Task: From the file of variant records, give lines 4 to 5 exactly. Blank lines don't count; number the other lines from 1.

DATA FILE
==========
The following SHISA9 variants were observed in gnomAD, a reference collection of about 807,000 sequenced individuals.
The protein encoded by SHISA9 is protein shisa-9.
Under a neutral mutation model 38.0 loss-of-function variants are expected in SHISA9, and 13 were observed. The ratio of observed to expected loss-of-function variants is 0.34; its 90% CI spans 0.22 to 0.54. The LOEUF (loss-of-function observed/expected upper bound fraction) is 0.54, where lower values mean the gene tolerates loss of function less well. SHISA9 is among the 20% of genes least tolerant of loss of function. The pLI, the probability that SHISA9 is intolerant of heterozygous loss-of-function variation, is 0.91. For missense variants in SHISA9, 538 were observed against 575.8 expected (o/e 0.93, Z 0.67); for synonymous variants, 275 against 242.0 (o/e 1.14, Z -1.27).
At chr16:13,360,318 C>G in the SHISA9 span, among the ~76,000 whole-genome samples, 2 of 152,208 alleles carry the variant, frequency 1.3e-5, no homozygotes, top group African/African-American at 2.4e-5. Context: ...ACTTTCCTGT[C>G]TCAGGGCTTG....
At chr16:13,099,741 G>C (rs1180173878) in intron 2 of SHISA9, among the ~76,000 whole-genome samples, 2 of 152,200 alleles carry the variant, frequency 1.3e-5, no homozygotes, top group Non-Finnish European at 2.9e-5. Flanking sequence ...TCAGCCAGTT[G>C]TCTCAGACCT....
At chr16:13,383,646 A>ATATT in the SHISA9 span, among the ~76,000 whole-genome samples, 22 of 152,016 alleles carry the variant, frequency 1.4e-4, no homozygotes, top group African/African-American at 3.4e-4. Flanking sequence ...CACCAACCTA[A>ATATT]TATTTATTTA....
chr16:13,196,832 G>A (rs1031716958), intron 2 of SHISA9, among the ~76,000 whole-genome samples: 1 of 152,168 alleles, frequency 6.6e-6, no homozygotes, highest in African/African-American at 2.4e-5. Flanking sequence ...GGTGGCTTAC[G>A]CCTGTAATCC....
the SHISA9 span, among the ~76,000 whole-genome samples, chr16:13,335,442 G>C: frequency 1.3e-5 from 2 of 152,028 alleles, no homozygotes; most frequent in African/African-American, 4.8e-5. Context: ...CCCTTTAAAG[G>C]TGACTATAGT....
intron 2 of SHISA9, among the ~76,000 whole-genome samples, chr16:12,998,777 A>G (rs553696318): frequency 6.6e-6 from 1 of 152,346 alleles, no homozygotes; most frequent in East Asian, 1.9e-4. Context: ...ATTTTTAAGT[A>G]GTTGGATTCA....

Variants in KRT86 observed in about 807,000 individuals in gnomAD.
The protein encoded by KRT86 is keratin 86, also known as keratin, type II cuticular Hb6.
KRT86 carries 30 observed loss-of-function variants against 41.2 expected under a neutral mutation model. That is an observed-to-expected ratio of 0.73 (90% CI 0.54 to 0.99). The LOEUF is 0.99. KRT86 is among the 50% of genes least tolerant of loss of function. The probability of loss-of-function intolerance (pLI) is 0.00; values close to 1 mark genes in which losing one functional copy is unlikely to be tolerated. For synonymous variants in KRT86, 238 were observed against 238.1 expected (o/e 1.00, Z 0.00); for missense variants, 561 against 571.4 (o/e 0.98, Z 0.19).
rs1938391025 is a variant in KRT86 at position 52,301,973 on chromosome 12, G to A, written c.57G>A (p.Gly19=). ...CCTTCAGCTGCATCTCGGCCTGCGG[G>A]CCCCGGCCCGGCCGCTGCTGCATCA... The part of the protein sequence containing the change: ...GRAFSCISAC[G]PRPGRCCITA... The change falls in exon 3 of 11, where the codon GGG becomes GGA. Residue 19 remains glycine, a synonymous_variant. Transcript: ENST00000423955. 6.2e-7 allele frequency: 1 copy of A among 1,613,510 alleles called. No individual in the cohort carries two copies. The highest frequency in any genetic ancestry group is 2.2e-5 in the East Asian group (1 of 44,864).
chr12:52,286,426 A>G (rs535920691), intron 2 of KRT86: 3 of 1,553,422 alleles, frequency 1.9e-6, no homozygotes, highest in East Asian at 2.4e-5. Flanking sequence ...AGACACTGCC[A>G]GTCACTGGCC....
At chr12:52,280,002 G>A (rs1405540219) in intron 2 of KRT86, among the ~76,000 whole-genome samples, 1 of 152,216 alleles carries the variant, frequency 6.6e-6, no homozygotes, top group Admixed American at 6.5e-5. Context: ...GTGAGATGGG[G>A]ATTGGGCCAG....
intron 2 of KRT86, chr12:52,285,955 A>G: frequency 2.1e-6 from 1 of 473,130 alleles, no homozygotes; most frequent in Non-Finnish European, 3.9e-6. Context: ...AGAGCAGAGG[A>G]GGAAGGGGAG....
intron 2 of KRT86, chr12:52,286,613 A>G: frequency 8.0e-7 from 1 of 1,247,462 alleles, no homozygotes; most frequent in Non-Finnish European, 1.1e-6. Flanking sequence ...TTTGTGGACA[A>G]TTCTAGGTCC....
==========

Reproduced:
At chr16:13,360,318 C>G in the SHISA9 span, among the ~76,000 whole-genome samples, 2 of 152,208 alleles carry the variant, frequency 1.3e-5, no homozygotes, top group African/African-American at 2.4e-5. Context: ...ACTTTCCTGT[C>G]TCAGGGCTTG....
At chr16:13,099,741 G>C (rs1180173878) in intron 2 of SHISA9, among the ~76,000 whole-genome samples, 2 of 152,200 alleles carry the variant, frequency 1.3e-5, no homozygotes, top group Non-Finnish European at 2.9e-5. Flanking sequence ...TCAGCCAGTT[G>C]TCTCAGACCT....